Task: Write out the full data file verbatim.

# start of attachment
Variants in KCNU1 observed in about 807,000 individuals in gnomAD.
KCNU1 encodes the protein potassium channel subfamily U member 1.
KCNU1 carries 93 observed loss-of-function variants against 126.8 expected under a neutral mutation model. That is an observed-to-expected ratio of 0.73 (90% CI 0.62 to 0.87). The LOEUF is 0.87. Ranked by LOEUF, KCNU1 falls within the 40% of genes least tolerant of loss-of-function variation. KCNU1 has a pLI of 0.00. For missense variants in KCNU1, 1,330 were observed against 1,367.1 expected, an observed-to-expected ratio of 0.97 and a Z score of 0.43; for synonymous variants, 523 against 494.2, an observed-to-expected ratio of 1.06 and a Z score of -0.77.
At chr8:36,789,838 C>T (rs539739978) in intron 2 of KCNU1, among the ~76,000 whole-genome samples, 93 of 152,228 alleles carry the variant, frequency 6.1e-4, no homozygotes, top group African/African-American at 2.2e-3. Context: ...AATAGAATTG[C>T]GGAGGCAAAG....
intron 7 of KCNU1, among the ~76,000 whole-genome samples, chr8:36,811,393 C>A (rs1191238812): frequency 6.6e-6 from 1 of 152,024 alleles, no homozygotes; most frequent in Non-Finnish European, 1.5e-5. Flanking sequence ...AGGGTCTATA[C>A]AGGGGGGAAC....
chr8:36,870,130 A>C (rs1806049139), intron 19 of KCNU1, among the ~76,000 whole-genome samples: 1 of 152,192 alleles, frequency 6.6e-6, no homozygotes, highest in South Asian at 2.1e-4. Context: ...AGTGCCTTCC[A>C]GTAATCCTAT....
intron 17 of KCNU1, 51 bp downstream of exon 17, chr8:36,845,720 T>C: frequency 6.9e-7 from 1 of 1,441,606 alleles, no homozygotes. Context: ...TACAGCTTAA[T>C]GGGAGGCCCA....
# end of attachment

Variants in KCNU1 observed in about 807,000 individuals in gnomAD.
KCNU1 encodes the protein potassium channel subfamily U member 1.
KCNU1 carries 93 observed loss-of-function variants against 126.8 expected under a neutral mutation model. That is an observed-to-expected ratio of 0.73 (90% CI 0.62 to 0.87). The LOEUF is 0.87. Ranked by LOEUF, KCNU1 falls within the 40% of genes least tolerant of loss-of-function variation. KCNU1 has a pLI of 0.00. For missense variants in KCNU1, 1,330 were observed against 1,367.1 expected, an observed-to-expected ratio of 0.97 and a Z score of 0.43; for synonymous variants, 523 against 494.2, an observed-to-expected ratio of 1.06 and a Z score of -0.77.
At chr8:36,789,838 C>T (rs539739978) in intron 2 of KCNU1, among the ~76,000 whole-genome samples, 93 of 152,228 alleles carry the variant, frequency 6.1e-4, no homozygotes, top group African/African-American at 2.2e-3. Context: ...AATAGAATTG[C>T]GGAGGCAAAG....
intron 7 of KCNU1, among the ~76,000 whole-genome samples, chr8:36,811,393 C>A (rs1191238812): frequency 6.6e-6 from 1 of 152,024 alleles, no homozygotes; most frequent in Non-Finnish European, 1.5e-5. Flanking sequence ...AGGGTCTATA[C>A]AGGGGGGAAC....
chr8:36,870,130 A>C (rs1806049139), intron 19 of KCNU1, among the ~76,000 whole-genome samples: 1 of 152,192 alleles, frequency 6.6e-6, no homozygotes, highest in South Asian at 2.1e-4. Context: ...AGTGCCTTCC[A>C]GTAATCCTAT....
intron 17 of KCNU1, 51 bp downstream of exon 17, chr8:36,845,720 T>C: frequency 6.9e-7 from 1 of 1,441,606 alleles, no homozygotes. Context: ...TACAGCTTAA[T>C]GGGAGGCCCA....